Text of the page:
With CFDs trading, you are able to trade short or long position in the market. If you are expecting the price of a CFD to go up, you will then BUY that asset hoping to capitalize on the upswing. This is also known as going “LONG” on your market position. Conversely, if you are expecting that the price of a CFD will drop, you can actually SELL that CFD which you do not own now and buy it back later at a cheaper rate when the price has fallen. This is known as going“SHORT” on your market position. This allows you to profit even from a downtrend market. Once the price has declined, you will then buy back the same amount of the asset to close your market position.
For example, the stock price of Coca Cola is trading at $100. If you feel that the stock price is going to fall due to whatever reason, you can short sell the share at the current price of $100. If later the price did drop to $95, you can purchase back the same number of shares to close your market position after having realizing a profit of $5. Thus, if you had purchased 10 lots, you would have made $50,000. However, if the price had increased to $105, you would have incurred a loss of $50,000. The same concept is actually applicable in all financial markets.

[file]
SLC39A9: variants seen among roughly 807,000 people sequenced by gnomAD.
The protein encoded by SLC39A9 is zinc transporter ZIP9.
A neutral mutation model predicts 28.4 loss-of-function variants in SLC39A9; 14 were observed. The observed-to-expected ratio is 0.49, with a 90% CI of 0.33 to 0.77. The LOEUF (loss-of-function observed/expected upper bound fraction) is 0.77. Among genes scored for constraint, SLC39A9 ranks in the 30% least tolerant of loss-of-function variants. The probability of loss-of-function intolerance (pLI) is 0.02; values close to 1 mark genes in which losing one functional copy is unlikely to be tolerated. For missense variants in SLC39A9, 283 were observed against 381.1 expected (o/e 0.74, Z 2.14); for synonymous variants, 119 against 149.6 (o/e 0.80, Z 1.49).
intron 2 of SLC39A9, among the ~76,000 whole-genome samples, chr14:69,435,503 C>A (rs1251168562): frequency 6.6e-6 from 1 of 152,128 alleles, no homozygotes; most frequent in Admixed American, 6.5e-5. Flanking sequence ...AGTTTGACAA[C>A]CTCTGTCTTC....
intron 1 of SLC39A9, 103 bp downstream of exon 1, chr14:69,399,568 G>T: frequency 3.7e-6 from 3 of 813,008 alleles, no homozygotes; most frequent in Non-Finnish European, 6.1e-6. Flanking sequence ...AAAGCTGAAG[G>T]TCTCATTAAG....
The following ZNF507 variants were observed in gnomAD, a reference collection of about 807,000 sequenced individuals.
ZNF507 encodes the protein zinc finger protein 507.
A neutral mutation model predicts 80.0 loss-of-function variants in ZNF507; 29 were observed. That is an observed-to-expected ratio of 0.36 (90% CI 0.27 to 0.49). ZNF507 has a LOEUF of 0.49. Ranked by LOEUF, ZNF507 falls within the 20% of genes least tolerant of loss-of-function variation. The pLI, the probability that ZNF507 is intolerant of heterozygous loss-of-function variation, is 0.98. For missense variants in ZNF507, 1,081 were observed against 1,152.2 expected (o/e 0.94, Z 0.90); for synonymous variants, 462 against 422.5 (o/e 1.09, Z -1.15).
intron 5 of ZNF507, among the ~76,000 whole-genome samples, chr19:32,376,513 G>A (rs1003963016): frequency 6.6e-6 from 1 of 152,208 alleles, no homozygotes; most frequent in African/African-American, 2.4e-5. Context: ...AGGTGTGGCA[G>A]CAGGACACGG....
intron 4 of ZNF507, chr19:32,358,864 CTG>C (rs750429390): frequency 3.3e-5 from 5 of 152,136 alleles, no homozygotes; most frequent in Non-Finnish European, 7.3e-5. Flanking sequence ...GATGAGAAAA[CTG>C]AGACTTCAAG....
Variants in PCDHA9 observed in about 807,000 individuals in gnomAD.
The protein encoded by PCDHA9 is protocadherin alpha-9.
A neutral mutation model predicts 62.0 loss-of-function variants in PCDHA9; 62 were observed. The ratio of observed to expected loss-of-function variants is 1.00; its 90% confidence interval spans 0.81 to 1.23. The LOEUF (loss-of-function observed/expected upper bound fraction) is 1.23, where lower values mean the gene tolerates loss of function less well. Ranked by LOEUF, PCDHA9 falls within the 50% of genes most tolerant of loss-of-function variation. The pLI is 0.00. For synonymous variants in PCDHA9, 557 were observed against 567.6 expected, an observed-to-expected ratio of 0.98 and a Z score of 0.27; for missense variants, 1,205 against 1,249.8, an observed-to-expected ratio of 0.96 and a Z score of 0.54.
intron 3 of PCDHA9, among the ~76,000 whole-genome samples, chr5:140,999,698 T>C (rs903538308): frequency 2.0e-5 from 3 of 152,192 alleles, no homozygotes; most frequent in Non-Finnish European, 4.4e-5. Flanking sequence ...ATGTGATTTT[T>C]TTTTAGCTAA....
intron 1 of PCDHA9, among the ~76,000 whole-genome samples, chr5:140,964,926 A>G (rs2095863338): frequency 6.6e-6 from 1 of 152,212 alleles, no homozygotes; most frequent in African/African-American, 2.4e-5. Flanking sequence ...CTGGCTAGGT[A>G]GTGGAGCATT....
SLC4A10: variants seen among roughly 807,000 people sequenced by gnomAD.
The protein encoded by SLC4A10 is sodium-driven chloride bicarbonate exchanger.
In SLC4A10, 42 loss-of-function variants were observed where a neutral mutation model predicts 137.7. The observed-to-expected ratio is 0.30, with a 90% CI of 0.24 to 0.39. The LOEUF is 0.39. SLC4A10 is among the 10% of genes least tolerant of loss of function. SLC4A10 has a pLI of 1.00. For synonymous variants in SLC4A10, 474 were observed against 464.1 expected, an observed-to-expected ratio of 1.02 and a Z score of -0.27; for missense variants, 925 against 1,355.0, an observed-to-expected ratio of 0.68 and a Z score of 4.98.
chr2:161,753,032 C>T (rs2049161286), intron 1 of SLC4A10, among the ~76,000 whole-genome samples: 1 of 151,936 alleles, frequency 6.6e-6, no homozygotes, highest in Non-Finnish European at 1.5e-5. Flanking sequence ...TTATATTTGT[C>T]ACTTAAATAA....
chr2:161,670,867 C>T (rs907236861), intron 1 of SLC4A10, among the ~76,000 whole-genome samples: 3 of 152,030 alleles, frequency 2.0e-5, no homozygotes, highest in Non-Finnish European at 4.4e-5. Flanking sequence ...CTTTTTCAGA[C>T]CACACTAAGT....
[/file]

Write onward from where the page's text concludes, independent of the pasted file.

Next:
The CFDs are actually financial instruments and not an asset per se. even then, it entitles the investor of CFDs certain privileges which the holders of the under laying assets have. These include the right to the dividend yield, and the splitting & merging of shareholders capital. These CFDs however, do not convey legal title of the company’s assets to the holder of the CFDs. Furthermore, there is also no voting rights and are not transferable or traded in the regulated financial market. This is just a contract between the investor and the brokerage firm. The providers of these CFDs instruments retain the right to close the market position of the investor or client regardless of whether the company have become insolvent or not. Lastly, CFDs are considered concluded or closed on the day they are settled.